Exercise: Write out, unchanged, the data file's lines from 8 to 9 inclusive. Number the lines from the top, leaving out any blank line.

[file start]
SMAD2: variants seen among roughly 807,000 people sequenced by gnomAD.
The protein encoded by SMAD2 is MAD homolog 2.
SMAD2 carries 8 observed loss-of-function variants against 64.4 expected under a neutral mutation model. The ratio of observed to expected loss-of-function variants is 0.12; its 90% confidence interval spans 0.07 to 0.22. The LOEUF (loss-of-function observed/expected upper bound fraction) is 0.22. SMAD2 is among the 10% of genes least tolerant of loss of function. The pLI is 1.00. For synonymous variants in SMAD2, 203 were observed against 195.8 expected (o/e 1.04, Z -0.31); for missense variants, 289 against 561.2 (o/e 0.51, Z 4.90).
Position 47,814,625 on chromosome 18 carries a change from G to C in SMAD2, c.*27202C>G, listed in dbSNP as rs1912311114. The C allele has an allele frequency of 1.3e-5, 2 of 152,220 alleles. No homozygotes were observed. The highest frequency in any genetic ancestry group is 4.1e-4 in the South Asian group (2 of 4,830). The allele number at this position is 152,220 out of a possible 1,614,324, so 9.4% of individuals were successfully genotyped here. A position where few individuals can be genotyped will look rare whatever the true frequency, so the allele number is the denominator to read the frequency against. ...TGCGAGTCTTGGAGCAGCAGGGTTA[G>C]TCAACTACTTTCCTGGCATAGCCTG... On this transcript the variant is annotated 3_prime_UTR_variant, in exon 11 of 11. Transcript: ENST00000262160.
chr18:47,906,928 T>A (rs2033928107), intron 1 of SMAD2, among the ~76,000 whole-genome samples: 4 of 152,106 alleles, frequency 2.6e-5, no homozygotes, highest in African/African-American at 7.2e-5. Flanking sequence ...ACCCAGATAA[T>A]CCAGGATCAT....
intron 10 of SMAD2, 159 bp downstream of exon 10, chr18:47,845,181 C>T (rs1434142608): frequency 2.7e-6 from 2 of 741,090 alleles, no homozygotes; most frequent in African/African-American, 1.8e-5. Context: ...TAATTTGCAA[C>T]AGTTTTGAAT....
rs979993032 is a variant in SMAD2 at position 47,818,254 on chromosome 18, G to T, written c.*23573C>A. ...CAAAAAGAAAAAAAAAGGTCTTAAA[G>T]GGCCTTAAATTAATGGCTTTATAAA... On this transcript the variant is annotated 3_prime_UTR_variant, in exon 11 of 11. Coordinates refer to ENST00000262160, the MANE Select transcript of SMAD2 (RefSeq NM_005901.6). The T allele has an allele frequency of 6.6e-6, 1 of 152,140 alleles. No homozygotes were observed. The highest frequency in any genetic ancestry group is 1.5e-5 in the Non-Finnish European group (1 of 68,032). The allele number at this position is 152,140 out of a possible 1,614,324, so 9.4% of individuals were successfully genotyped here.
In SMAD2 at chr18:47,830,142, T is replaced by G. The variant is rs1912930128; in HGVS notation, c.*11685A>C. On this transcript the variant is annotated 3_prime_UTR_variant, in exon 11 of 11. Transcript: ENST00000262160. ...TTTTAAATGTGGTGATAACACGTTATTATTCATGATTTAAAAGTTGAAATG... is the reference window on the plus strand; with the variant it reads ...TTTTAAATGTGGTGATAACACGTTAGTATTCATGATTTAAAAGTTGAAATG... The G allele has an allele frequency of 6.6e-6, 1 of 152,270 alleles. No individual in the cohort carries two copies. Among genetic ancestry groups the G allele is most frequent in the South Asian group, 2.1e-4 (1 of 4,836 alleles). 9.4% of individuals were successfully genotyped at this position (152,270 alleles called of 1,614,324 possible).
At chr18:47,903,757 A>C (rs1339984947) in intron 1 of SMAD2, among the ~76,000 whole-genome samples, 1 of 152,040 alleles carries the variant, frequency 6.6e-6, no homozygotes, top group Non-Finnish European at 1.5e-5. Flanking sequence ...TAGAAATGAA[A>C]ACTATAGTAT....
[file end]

In SMAD2 at chr18:47,830,142, T is replaced by G. The variant is rs1912930128; in HGVS notation, c.*11685A>C. On this transcript the variant is annotated 3_prime_UTR_variant, in exon 11 of 11. Transcript: ENST00000262160. ...TTTTAAATGTGGTGATAACACGTTATTATTCATGATTTAAAAGTTGAAATG... is the reference window on the plus strand; with the variant it reads ...TTTTAAATGTGGTGATAACACGTTAGTATTCATGATTTAAAAGTTGAAATG... The G allele has an allele frequency of 6.6e-6, 1 of 152,270 alleles. No individual in the cohort carries two copies. Among genetic ancestry groups the G allele is most frequent in the South Asian group, 2.1e-4 (1 of 4,836 alleles). 9.4% of individuals were successfully genotyped at this position (152,270 alleles called of 1,614,324 possible).
At chr18:47,903,757 A>C (rs1339984947) in intron 1 of SMAD2, among the ~76,000 whole-genome samples, 1 of 152,040 alleles carries the variant, frequency 6.6e-6, no homozygotes, top group Non-Finnish European at 1.5e-5. Flanking sequence ...TAGAAATGAA[A>C]ACTATAGTAT....